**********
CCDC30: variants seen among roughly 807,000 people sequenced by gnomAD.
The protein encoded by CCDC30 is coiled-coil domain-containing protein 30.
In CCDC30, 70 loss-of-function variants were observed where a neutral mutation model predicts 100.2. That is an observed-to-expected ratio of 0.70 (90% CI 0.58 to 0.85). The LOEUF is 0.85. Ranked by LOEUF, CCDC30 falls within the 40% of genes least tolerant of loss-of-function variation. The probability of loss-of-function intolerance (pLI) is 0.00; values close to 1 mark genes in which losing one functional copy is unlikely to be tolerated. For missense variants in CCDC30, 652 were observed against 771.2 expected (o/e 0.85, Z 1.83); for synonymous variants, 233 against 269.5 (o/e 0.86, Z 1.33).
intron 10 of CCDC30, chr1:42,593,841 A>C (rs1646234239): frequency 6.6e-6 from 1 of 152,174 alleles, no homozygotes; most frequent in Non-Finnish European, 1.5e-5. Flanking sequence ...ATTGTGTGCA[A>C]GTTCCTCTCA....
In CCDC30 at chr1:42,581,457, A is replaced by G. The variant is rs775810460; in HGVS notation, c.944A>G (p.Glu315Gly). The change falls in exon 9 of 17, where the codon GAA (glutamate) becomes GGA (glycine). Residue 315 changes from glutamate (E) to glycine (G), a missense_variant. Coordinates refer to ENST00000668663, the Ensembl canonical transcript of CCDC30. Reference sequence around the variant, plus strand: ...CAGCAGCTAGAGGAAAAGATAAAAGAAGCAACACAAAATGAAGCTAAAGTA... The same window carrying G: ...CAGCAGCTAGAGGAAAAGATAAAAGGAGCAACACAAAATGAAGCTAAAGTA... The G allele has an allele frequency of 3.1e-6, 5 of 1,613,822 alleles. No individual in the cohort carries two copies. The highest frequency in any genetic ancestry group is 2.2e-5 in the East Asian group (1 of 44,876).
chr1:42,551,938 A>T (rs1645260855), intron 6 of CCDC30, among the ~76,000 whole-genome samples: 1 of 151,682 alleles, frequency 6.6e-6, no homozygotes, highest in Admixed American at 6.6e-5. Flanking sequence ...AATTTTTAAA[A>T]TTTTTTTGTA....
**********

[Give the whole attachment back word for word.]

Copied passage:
CCDC30: variants seen among roughly 807,000 people sequenced by gnomAD.
The protein encoded by CCDC30 is coiled-coil domain-containing protein 30.
In CCDC30, 70 loss-of-function variants were observed where a neutral mutation model predicts 100.2. That is an observed-to-expected ratio of 0.70 (90% CI 0.58 to 0.85). The LOEUF is 0.85. Ranked by LOEUF, CCDC30 falls within the 40% of genes least tolerant of loss-of-function variation. The probability of loss-of-function intolerance (pLI) is 0.00; values close to 1 mark genes in which losing one functional copy is unlikely to be tolerated. For missense variants in CCDC30, 652 were observed against 771.2 expected (o/e 0.85, Z 1.83); for synonymous variants, 233 against 269.5 (o/e 0.86, Z 1.33).
intron 10 of CCDC30, chr1:42,593,841 A>C (rs1646234239): frequency 6.6e-6 from 1 of 152,174 alleles, no homozygotes; most frequent in Non-Finnish European, 1.5e-5. Flanking sequence ...ATTGTGTGCA[A>C]GTTCCTCTCA....
In CCDC30 at chr1:42,581,457, A is replaced by G. The variant is rs775810460; in HGVS notation, c.944A>G (p.Glu315Gly). The change falls in exon 9 of 17, where the codon GAA (glutamate) becomes GGA (glycine). Residue 315 changes from glutamate (E) to glycine (G), a missense_variant. Coordinates refer to ENST00000668663, the Ensembl canonical transcript of CCDC30. Reference sequence around the variant, plus strand: ...CAGCAGCTAGAGGAAAAGATAAAAGAAGCAACACAAAATGAAGCTAAAGTA... The same window carrying G: ...CAGCAGCTAGAGGAAAAGATAAAAGGAGCAACACAAAATGAAGCTAAAGTA... The G allele has an allele frequency of 3.1e-6, 5 of 1,613,822 alleles. No individual in the cohort carries two copies. The highest frequency in any genetic ancestry group is 2.2e-5 in the East Asian group (1 of 44,876).
chr1:42,551,938 A>T (rs1645260855), intron 6 of CCDC30, among the ~76,000 whole-genome samples: 1 of 151,682 alleles, frequency 6.6e-6, no homozygotes, highest in Admixed American at 6.6e-5. Flanking sequence ...AATTTTTAAA[A>T]TTTTTTTGTA....